Agreed. OP, don't look it as you damaging ER Mom's reputation. It's her daughter that's done that. Whether it's true or not, if she's blabbing it all over school that her mom has committed an epic breach of professional ethics and federal privacy law, you're not the only parent who's heard the story.

If it's true, the hospital that her mom works for needs to know...and trust me, they WANT to know.

If it's not true, the daughter needs some education on the effect that kind of a lie will have on her mother's career.

If I were the mother, I would want the investigation, so that there was proof that I had not done what my daughter had claimed. And then my daughter would be grounded until her 50th birthday.
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Old 01-25-2013, 09:27 AM   #55
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Are you sure? Or do they share credentialing privileges?

It is not common in my area - that might be a regional occurrence. Our hospitals are very strict that even if we call up and need to share records - we get releases.
Oh, I'm sure. In fact, one of my current work assignments is creating more flexible security tools for hospitals in just that situation.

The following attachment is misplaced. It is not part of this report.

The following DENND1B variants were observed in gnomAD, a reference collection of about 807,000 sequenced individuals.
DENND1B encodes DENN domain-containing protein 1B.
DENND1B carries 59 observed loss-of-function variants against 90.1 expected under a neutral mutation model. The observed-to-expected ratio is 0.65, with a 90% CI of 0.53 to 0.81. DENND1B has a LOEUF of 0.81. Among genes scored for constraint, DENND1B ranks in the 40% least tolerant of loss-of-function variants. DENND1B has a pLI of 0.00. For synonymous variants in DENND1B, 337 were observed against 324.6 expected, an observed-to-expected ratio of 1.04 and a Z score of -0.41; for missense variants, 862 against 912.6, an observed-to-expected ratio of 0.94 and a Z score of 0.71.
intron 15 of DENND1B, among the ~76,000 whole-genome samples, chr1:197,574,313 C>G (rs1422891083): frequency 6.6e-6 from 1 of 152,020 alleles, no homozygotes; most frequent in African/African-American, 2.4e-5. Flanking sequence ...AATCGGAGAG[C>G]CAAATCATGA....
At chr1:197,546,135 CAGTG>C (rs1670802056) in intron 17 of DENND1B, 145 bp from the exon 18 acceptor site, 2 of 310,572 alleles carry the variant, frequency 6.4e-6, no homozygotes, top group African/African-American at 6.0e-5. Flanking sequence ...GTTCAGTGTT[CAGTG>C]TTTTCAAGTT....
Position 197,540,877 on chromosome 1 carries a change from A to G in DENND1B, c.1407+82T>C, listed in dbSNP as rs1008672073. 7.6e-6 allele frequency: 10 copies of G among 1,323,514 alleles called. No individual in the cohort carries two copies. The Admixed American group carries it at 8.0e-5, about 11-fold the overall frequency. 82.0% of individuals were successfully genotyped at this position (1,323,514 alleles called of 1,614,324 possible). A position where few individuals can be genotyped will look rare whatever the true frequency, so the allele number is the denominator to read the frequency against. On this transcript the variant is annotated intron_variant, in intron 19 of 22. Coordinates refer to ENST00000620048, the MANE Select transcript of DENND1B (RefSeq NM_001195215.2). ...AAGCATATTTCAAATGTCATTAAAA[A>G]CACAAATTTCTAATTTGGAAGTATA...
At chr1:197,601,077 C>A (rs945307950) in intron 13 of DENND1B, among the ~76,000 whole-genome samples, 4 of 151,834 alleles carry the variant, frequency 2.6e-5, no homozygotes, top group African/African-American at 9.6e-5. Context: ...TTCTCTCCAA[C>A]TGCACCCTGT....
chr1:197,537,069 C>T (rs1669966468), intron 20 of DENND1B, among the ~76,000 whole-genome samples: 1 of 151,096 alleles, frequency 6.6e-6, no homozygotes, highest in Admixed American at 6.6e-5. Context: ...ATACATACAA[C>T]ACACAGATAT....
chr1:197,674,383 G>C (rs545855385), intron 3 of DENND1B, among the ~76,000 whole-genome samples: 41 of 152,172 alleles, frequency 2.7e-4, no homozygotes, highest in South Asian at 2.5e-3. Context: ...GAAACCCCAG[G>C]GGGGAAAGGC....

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Old 01-25-2013, 09:57 AM   #56
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I have close family that work in the medical field, and basicaly as long as the hospitals are on the same "network" anyone can access it, but yes, there is very strict tracking in place.

OP I'd call the privacy officer @ the hospital your son was treated at. I would tell her that you understand that this situation involves a lot of high school drama, therefore, may not be totally factual, however, you would like to request an audit of your son's records from that date of treatement to confirm that only authorized persons (involved in his treatement/care)accessed it and would like some sort of confirmation in writing as to the results of the audit.

I would not feel it necessary to say "Dr. Sue's daughter said that Dr Sue @ another hospital looked at it". All I would say is I am concerned of a possible HIPAA violation and would like an audit to verify only authorized indiviudals involved in the care/treatment of my son accessed his records. THis way, if "Dr Sue" really did not look at anything, then you have in no way identified "Dr Sue" so there should be no professional stigima attached to Dr Sue or the situtaion. However, if "Dr Sue" did look at the records, then whatever happens to her, she deserves as every medical person clearly knows the HIPPA rules and if she chose to violate them, that's her problem, not yours.